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0520 Notes on Marco Polo : vol.1
Notes on Marco Polo : vol.1 / Page 520 (Grayscale High Resolution Image)

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doi: 10.20676/00000246
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504   183. COTTON

is called ' southern product ' (nan-ch'an), we can speak of its real usefulness, since, the northern regions being very cold, when the cocoons and their floss are not always enough one has [to meet] the cost of furs and serge; but this is very economical ... » In this introduction, we see that, already before the unification of China in 1276, the cultivation of cotton had spread not only to the whole of the region of the lower Yang-tzû, but also to Ssû-ch'uan, whether it had come to the latter province from Chiang-su, or from Turfan via Shàn-hsi.

One other work on agriculture written under the Mongol dynasty has a paragraph on cotton

cultivation; it is the   A R   Nung-sang i-shih ts'o-yao, « Compendium on clothing and
food [as obtained] by agriculture and silkworm breeding (lit. ' mulberry ') », in 2 chs. As we have it, the work, recovered from the Yung-lo ta-tien, begins with the author's preface, dated 1330, but his name is not given there, and occurs only at the beginning of the first chapter, as

qrj   Lu Ming-shan. Ch'ien-lung's Commissioners (Ssû-k'u ..., 102, 6 a) knew another

text, beginning with a preface by ÿ   Chang Li; in this preface, which the Commissioners

have not included in the Ssû-k'u ch'uän-shu, Chang Li said that Lu Ming-shan first published his work in 1314, and that he was the son of a Uighur who had settled in China; he had taken his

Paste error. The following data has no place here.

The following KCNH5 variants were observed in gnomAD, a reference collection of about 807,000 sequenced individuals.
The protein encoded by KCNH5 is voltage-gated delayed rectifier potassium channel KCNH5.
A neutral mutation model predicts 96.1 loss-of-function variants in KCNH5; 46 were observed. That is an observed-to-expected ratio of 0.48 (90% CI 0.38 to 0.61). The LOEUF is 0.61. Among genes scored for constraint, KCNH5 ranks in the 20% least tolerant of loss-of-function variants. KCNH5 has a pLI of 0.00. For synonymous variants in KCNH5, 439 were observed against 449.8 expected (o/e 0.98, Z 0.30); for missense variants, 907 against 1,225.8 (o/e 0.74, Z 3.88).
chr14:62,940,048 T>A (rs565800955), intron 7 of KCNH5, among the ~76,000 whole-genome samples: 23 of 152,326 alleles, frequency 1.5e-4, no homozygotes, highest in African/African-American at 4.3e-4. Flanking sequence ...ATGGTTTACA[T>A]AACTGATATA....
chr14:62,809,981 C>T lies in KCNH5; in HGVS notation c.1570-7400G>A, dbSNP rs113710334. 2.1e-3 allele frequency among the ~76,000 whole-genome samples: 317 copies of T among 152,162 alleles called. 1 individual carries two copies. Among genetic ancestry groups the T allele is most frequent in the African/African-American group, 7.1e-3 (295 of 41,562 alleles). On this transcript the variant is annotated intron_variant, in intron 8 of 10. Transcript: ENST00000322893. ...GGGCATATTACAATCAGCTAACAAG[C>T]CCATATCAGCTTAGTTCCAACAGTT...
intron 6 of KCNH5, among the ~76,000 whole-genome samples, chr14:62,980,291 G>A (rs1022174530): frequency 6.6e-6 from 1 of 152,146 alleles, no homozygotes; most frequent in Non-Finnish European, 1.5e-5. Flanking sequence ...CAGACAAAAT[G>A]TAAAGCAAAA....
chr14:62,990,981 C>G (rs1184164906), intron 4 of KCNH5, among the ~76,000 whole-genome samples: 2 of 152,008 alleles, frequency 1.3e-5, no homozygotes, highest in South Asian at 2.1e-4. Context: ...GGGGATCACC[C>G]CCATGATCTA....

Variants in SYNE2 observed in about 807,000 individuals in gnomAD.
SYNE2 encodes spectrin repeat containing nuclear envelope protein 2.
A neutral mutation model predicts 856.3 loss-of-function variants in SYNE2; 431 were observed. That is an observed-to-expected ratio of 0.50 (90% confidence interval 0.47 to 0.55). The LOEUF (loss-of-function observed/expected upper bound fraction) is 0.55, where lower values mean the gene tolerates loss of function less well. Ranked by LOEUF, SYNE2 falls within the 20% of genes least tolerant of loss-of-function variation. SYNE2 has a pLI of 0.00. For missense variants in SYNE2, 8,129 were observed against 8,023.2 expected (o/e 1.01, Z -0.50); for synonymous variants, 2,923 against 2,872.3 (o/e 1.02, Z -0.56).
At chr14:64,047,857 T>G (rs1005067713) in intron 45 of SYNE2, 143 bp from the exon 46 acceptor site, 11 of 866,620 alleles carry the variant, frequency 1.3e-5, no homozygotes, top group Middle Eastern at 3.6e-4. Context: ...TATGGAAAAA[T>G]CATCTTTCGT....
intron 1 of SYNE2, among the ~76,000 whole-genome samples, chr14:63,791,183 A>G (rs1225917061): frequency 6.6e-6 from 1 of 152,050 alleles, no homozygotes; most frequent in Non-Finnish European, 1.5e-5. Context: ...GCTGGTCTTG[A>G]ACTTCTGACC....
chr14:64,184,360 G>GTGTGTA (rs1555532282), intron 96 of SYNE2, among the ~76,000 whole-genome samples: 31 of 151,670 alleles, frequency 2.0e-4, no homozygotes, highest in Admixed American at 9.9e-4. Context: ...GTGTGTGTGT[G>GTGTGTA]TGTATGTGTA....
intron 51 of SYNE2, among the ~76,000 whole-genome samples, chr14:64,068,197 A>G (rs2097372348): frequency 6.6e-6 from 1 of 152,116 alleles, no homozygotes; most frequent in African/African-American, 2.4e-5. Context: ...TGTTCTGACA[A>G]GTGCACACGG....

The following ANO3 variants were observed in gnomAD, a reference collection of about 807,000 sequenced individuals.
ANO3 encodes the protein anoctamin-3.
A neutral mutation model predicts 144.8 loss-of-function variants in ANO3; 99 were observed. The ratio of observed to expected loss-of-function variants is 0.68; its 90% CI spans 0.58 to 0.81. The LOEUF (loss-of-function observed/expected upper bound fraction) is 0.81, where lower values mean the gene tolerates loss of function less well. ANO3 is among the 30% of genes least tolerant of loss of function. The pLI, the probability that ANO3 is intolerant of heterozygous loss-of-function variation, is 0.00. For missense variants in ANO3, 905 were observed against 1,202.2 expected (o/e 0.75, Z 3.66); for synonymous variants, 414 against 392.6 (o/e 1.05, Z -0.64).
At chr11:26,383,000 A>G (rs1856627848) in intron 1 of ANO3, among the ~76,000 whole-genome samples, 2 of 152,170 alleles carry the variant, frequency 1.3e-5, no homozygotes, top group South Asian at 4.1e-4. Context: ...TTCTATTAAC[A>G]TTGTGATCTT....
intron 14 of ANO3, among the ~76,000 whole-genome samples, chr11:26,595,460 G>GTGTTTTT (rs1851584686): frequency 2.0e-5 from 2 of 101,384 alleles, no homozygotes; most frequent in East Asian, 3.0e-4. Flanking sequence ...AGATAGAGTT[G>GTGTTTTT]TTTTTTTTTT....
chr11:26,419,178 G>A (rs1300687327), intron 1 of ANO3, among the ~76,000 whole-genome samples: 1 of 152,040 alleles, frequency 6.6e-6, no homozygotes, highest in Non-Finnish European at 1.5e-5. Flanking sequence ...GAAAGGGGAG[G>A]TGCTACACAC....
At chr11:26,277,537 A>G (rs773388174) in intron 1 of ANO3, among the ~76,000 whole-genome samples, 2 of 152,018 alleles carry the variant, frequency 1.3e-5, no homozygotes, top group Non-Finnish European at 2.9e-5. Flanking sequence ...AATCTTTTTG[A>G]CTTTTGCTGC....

name of « Lu » from the appellation (tzû) of his father, and was himself properly called   g 4

   Lu T'ieh-chu, though he was commonly known by his tzû as Lu Ming-shan. The Nung-sang   2
i-shih ts'o-yao is regarded as having been written to supplement the Nung-sang chi-yao; it does not add much to the latter in the following passage on cotton (Mo-hai chin-hu ed., ch. I, 11-12) :

   « Sowing mu-mien. — One must first take the seeds and soak them in water and ashes in equal   :a
proportions, then wait until they bud; [thereupon,] a hole is dug in each foot of manured soil,

   and five to seven seeds put into it. One [then] waits for the sprouts to come up; if they are   _.
[too] dense, some of them are taken out and only two or three vigorous sprouts are left. [The ground] is carefully hoed. The ends of the shoots are regularly plucked, so as not to have high

shoots; if the shoots are too vigorous, they will not form fruit. Cotton is reaped in the eighth moon ».

The YS has preserved a text on the cotton tribute which was required from the cotton growing provinces (15, 8 a) : on May 16, 1289, « cotton inspectorates (mu-mien t'i-chü-ssû) were

established for Chê-tung (= Chê-chiang), Chiang-tung (= Chiang-su), Chiang-hsi, Hu-kuang (= Hu-pei and Hu-nan) and Fu-chien; every year, the people had to deliver [to the inspectors]

   100,000 ' pieces ' (p'i); an Inspector General (tu t'i-chü-ssû) had the general control ». This is   gt
the first mention of cotton cultivation in central China. An edict of 1295-1296 mentions cotton (mu-mien) among the goods accepted in payment of State taxes (cf. WANG Ch'i's Hsü Froin-hsien t'ung-k'ao, 4, 43 b). All this antedates Huang tao-p'o's exaggerated activities.

According to the Chieh-ch'ên û (3 a • cf. supra, 438 , the Emperor Tämür 1295-1307 ,

g   gy~ ( a;   P   p.   )   P   (   )

on a spring evening, ordered the Palace ladies to spread in a hail all the flowers that had fallen, and then to play and wrestle on the flowers, being dressed themselves in «po-tieh trousers » and wearing turbans of chi-pei brocade (chi-pei chin) ; I do not know what distinction the 14th cent. author made between these two designations of cotton.

On June 21, 1323, the Emperor Ying-tsung repaired to a pavilion where the old clothes of

Chinghiz-khan and Qubilai-khan were kept. « All were made of plain silk (d * chien-su) or